Tuesday, July 28, 2009

Historic Hot Stove: Mark McGwire

It's been pretty clear over the last few weeks that this year's hot stove is going to be remembered for its focus on pitching. From the Roy Halladay auction up there in Toronto to Cliff Lee in Cleveland to all the other pitchers supposedly up for grabs - Jarrod Washburn, Eric Bedard, Justin Duchsherer, George Sherrill, Scott Kazmir, among others - teams are definitely looking for pitching above all else. There are some bats on the market, yes, but nothing really that inspires much excitement.

Well, maybe that's premature: Oakland did send slugger Matt Holliday to St. Louis in exchange for a couple of prospects, but that doesn't exactly match the magnitude of the last deadline-deal that the A's and Cardinals paired up on, when Mark McGwire was sent to the Cardinals for three less-than-stellar relief pitchers (of whom T.J. Mathews was the most successful).

Heading into that July in the summer of '97, the A's were sitting dead last in the AL West, 14 games behind the Mariners. As the month continued, they played worse and worse baseball, going 7-19 on the month, and McGwire's impending free agency suddenly became that much more important to Oakalnd's front office. The speculation that it brought on was hardly covert. From the late-July 1997 Sports Illustrated:
Mark McGwire. Only in the 1990s could a player be chasing Roger Maris's home run record and still be on the trading block. But McGwire is scheduled to be a free agent next season, and Oakland can't afford to re-sign him. But trading him won't be easy, despite his major-league-leading 34 home runs at the end of last week. As a veteran with at least 10 years of experience and at least five seasons with one team, McGwire can veto any trade, which could limit Oakland's options. The Cardinals and the Marlins, to cite two examples, have both expressed interest in McGwire, but he is reluctant to switch leagues in midseason. He also wishes to finish his career in Southern California, so that he can be close to his son, Matthew, who lives with his ex-wife in Orange County. That leaves the Angels as the best fit. Oakland rejected Anaheim's recent offer of centerfielder Jim Edmonds for McGwire, asking instead for outfielder Garret Anderson and a pitching prospect. According to A's general manager Sandy Alderson, the chance that McGwire will be dealt is 50-50.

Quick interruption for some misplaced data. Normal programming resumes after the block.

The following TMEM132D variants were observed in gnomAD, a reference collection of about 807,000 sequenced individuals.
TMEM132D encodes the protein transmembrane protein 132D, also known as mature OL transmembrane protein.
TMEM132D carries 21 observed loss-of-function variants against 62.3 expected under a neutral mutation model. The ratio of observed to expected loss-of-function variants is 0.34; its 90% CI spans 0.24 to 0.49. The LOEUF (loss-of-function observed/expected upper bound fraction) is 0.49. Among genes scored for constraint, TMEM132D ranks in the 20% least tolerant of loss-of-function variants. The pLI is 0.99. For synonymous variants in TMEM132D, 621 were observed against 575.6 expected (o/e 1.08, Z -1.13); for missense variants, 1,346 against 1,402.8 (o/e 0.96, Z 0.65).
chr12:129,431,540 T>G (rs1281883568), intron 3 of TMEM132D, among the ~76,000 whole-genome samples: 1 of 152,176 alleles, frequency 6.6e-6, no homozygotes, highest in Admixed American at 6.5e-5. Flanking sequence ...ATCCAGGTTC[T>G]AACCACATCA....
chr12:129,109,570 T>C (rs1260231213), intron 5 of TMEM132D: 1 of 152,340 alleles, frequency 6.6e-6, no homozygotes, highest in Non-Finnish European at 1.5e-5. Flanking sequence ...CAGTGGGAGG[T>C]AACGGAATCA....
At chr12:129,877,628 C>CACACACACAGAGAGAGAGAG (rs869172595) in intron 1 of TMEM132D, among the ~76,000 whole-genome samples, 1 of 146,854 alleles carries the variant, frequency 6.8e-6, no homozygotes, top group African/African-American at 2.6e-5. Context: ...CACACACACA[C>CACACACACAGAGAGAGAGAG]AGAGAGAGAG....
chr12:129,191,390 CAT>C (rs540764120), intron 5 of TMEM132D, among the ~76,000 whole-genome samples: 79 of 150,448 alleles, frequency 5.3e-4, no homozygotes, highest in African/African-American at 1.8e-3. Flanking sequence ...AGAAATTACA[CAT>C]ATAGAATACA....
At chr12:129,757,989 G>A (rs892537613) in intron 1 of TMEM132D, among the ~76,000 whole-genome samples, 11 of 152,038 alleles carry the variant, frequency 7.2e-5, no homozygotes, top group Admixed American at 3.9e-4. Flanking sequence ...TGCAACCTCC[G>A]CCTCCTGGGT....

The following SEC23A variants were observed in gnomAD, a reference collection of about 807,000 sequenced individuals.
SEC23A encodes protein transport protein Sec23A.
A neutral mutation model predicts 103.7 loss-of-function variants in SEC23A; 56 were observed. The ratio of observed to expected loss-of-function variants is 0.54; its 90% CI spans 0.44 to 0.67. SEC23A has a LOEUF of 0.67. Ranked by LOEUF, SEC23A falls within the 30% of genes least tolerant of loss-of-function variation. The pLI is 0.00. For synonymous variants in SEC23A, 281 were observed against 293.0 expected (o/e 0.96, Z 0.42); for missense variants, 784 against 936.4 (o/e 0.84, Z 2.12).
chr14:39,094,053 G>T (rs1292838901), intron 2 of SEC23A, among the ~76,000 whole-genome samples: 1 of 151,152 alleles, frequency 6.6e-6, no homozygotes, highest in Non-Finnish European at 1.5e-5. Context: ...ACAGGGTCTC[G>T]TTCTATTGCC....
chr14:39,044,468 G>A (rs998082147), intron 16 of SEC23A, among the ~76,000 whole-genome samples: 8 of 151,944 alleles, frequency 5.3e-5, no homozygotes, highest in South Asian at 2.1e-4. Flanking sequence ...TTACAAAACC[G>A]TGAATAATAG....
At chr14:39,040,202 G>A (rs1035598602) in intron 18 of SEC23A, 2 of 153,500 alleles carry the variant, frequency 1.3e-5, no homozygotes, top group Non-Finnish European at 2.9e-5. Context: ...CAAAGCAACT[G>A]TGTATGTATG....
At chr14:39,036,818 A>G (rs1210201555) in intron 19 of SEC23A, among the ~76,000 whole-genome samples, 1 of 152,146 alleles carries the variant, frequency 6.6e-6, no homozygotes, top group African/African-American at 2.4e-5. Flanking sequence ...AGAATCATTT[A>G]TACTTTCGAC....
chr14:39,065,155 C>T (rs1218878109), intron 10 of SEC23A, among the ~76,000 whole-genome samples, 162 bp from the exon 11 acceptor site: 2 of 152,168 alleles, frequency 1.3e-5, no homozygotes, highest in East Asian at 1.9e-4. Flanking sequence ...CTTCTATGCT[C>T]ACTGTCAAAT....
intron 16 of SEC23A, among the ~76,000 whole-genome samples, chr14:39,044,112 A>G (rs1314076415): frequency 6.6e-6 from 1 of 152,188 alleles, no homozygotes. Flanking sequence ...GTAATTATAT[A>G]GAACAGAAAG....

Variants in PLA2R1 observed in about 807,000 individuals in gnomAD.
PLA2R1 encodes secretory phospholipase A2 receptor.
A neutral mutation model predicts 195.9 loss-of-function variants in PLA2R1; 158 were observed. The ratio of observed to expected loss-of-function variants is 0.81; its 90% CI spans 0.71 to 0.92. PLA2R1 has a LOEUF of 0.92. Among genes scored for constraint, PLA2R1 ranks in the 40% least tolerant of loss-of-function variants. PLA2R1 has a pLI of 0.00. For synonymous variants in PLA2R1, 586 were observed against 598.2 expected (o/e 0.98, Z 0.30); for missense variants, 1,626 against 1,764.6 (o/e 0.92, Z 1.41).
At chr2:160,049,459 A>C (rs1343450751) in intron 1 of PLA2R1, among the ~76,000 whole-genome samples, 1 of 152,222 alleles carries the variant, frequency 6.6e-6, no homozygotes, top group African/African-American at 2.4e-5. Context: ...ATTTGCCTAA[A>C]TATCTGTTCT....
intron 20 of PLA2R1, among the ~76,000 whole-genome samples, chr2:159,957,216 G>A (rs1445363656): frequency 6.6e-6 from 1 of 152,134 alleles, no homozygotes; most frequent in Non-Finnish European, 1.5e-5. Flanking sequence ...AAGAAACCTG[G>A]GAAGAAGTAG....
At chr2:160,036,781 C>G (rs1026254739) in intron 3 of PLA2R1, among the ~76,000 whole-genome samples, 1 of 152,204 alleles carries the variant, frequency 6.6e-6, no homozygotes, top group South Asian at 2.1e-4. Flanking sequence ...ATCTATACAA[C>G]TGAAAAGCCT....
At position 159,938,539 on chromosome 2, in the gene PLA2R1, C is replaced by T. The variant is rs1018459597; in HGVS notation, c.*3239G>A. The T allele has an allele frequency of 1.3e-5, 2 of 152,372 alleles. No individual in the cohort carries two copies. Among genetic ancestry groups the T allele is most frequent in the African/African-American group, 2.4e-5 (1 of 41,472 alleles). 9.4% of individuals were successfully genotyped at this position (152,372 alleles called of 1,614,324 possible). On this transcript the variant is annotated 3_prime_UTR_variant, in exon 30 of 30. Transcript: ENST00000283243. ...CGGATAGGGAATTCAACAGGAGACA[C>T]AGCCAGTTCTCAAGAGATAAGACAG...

It's almost funny how naive these trade preview pieces sound after the fact, though I guess that's what happens when you're trying to be a responsible journalist and all. Still, it's obvious that Mac was hot commodity.

By July 31st, the A's were down to only two suitors - the Angels and the Cards. Anaheim was fighting the Mariners for the division lead, sitting only a half game back, while St. Louis was struggling to stay in the race, 7.5 games behind the Astros. Logic would seem to say that Anaheim was the frontrunner at the time and, in fact, many thought the Cardinals had played themselves out of the race. Writers in St. Louis were even questioning the wisdom of making the trade.
One could make a case that the Cardinals will play unquestionably their most significant game of the season tonight.

For starters, it will be their last against the first-place Houston Astros, who are six games ahead of them in the National League Central after a 5-4 win at the Astrodome on Tuesday night.

If the Cardinals win tonight, they will cut the deficit to five games and feel good about making a last run at Oakland slugger Mark McGwire.

If they lose, they will be seven games behind with no games left against Houston. And there really would be little reason to go after McGwire. His potential two-month stay probably wouldn't be enough to lift the Cardinals past the Astros. It also might be risky business, considering the prospects and the money (some $2 million) the Cardinals would have to pay McGwire for the remainder of the season before he became a free agent.

General manager Walt Jocketty said the outcome of the game could affect what he did "a little bit. The performance of the team has some bearing, but not all the bearing," he said.
And it didn't. The Cardinals ended up losing their "most significant game of the season" that night but still managed to swing the deal with the A's. The desperation the Cards felt of being on the cusp of the playoff race must have been stronger than any desire the Angels had to improve their already competitive squad.

The trade made for an emotional moment in Oakland when it was announced:
"This is personally a very difficult day for me," Sandy Alderson, the A's president and general manager, said this evening at an Oakland Coliseum news conference. "When I came into baseball, Mark was the first college player I ever scouted. . . . {But} I think this was right for the organization, and I hope it's right for Mark."

McGwire, as a player with at least 10 years in the major leagues and at least five seasons with his current team, had the right to veto the deal but didn't. He seemed to fight back tears at times as he sat alongside Alderson and he said: "I grew up with this organization. It's not an easy decision to make. But you come to a crossroads in life where you think change will be good for you. . . . I think this deal is good for myself and good for the Oakland A's. . . . The last few seasons haven't been the greatest team-wise. How many years I have left, I don't know. I think I can still help a team to a championship."